Every year, Blues Foundation chief operating officer Joe Whitmer tallies the numbers and marvels. “260-plus acts from 38 states and 14 countries performing,” says Whitmer, rattling off the figures for the 2017 International Blues Challenge.
In addition to the main IBC competition — which will run for three nights on Beale Street before the finals at the Orpheum — the annual five-day extravaganza includes youth and international showcases and the Keeping the Blues Alive awards presentation, and is expected to draw an average of 3,000 attendees each night when it begins Tuesday (IBC wraps up Feb. 4).
The IBC will officially get going with a showcase of international acts Tuesday evening. The festivities will begin with a concert at the Clayborn Temple, which is free and open to the public. The bill will feature acts from Europe, Asia, Australia, North and South America, before even more international artists begin playing various venues on Beale at 9 p.m.
Blues Foundation president Barbra Newman says the free showcase at the historic Clayborn Temple — a 120-year-old Memphis landmark that played a key role during the civil rights movement and is currently undergoing renovations — is designed as a way of connecting with locals. “We really want Memphis to recognize that we’re here, and for our own citizens to come down and be part of the IBC. We have a phenomenal event that’s good for Memphis and Memphis music. And we want Memphians to participate in it with us.”
In past years, the International Showcase was a more limited event held at the New Daisy Theatre, but this year the Blues Foundation decided to expand the scope to accommodate the many acts traveling from Australia, Canada, Israel and the U.K., among others. “We’re trying to give the international acts as many opportunities to perform as possible, because they do come from so far, and it can be their once-in-a-lifetime shot to be seen on this stage and in the spotlight.”
In 2013, Ori Naftaly was a young Israeli guitarist who had traveled more than 10,000 miles to perform at the International Showcase and represent his home country in the IBC. Naftaly wowed audiences and became the first Israeli act to make it to the event's semifinals. On the strength of that appearance, Naftaly decided to come to the United States to pursue his musical dreams. This year, Naftaly — who relocated to Memphis in 2014 — will see his band Southern Avenue release its highly anticipated debut album on the Stax Records label.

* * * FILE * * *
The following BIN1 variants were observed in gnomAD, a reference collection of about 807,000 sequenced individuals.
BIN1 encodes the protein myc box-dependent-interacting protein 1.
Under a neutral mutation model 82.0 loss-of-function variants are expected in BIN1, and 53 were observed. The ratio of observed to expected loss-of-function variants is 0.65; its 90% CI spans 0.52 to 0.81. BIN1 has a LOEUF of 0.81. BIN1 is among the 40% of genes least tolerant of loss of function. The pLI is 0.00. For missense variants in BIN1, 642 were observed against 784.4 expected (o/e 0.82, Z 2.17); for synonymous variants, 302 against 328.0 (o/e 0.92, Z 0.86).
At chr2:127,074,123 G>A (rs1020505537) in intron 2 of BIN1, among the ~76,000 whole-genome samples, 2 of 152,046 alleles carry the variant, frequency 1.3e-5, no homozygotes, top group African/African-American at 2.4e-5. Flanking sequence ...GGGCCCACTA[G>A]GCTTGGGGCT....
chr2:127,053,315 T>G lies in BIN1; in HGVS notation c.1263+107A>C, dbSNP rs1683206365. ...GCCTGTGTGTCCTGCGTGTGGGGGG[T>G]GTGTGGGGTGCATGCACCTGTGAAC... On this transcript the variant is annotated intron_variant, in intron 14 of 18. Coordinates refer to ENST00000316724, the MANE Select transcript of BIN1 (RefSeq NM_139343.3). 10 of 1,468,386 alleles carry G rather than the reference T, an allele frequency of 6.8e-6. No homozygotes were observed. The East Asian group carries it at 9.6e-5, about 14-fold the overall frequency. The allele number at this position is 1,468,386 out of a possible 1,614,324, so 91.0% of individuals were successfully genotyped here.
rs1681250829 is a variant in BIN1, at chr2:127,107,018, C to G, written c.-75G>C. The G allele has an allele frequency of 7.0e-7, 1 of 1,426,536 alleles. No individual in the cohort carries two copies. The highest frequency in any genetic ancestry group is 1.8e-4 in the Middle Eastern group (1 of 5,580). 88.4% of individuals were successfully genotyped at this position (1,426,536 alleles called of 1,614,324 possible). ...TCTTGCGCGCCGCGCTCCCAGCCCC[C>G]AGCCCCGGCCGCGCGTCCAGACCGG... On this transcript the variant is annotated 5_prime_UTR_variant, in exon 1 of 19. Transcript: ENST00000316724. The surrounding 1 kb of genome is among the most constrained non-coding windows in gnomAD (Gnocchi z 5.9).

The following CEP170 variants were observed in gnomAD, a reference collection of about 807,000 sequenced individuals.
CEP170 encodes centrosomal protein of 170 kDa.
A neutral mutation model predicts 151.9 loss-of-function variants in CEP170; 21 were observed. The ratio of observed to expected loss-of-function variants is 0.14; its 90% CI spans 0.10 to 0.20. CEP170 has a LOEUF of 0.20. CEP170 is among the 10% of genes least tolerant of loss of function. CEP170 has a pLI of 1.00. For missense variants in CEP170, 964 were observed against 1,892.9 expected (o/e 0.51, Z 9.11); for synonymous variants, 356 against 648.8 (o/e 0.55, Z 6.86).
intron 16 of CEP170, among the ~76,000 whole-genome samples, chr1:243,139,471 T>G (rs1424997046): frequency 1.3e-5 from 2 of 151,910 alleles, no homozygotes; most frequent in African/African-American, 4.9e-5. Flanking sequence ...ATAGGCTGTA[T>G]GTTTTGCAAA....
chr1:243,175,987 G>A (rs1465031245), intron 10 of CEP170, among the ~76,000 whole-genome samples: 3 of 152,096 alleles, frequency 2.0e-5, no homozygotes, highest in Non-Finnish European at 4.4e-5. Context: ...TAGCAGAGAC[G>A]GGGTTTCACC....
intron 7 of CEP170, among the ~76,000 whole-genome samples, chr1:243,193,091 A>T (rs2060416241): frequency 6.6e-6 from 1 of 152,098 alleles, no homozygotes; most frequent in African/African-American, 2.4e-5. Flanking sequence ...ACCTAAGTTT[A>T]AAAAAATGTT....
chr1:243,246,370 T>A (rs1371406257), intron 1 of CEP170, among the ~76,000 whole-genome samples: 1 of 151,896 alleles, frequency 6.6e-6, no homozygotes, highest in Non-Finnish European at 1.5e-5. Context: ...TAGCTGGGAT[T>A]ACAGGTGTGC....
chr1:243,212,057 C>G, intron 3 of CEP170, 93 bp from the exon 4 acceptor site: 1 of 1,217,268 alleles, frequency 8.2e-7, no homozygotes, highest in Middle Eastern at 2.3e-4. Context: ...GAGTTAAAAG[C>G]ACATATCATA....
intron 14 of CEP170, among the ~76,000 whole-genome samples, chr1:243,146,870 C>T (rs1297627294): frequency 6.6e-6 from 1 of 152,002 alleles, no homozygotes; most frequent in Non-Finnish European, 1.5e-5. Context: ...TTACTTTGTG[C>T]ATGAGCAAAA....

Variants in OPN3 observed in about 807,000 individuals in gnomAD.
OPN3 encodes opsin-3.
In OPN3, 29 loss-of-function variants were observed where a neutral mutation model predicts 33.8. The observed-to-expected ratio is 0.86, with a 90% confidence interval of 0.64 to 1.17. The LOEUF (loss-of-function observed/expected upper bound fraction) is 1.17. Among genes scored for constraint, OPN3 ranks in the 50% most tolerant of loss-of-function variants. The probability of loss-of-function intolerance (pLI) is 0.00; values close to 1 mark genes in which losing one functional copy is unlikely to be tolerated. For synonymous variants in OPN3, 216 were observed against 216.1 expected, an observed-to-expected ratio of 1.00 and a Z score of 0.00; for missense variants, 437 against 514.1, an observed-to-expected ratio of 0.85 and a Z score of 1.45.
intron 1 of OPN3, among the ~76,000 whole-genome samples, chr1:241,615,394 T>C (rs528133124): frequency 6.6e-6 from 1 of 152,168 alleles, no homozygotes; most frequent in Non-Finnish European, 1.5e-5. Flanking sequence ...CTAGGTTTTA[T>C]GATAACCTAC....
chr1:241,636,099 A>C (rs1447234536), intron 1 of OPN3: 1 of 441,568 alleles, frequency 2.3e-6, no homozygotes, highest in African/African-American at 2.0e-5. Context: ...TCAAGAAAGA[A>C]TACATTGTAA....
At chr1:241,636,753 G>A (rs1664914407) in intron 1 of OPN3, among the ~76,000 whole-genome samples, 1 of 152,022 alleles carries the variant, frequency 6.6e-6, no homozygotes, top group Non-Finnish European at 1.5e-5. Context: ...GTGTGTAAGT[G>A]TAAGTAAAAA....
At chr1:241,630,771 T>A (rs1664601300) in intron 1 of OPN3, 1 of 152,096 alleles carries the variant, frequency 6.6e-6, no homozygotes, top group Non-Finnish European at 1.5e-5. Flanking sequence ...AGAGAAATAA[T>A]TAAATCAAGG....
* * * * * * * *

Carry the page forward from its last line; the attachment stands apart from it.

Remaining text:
For Naftaly, the IBC was the start of it all. “The IBC is a unique experience that brings the best out of every musician,” says Naftaly. “It opened the door to some of my wildest dreams. When I came back to Israel after the first time I competed, every bone in my body said that I need to go back and stay.”
Beyond the international showcase and official competition, the IBC is evolving back into a full-service music conference. In the past, there would panels, symposiums and networking opportunities, but that content decreased over time. Newman says with the 2017 event, the foundation is looking to build such programming back up.
“We’re going to have different activities for different sectors of folks who come to IBC,” says Newman. This year's keynote panel will feature musicians Walter Trout and Kenny Neal, author Dr. Marie Trout, and Patti Parks (a blues performer and nurse), talking about blues "as a healing source, how the music can help people heal physically, emotional, spiritually, etc.”
“We’re doing a handful of things that are really for the musicians — networking events, some master classes, a panel of do’s and don’ts on recording with (Royal Studios’) Boo Mitchell and (Sam Phillips Recording’s) Jeff Powell, and others," adds Newman. "For the affiliated blues societies, we’re going to have roundtables and business-oriented gatherings.”
Newman says that even as it evolves, the goal of the IBC remains consistent. “We want the people who come every year to have the most wonderful blues experience they can,” she says. “We want them to be able to connect with people who are part of the blues world, and we want them to be able to appreciate Memphis and what the city has to offer. This is the Foundation's home base; we’re proud of it. Beale Street has so much blues history; we want people to feel a part of that.”
2017 International Blues Challenge
The event runs Tuesday through Feb. 4 at various venues on and around Beale Street. The Blues Foundation is selling a $100 pass that covers all events. To purchase, go to blues.org, or call 901-527-2583. For a full list of acts, venues and more information, go to blues.org. Here are some highlights:
Tuesday: The International Showcase takes place at 5 p.m. at the Clayborn Temple, 294 Hernando. The event is free. Starting at 9 p.m. more international bands will be performing at various venues on Beale. Also free.
Wednesday and Thursday: Quarterfinals in both band and solo/duo competitions will be held in Beale Street venues. Wristbands are $10.
Friday, Feb. 3: Semifinals in both the band and solo/duo competitions will take place in Beale Street clubs. This also includes the Youth Showcase, which begins around 5 p.m. Wristbands are $15.
Saturday, Feb. 4: Doors open for the finals of band and solo/duo competitions at 11 a.m. at the Orpheum, 203 S. Main. Tickets are $46.50. They can be purchased at orpheum-memphis.com or at the door.
Bob Mehr-USA Today Network-Tennessee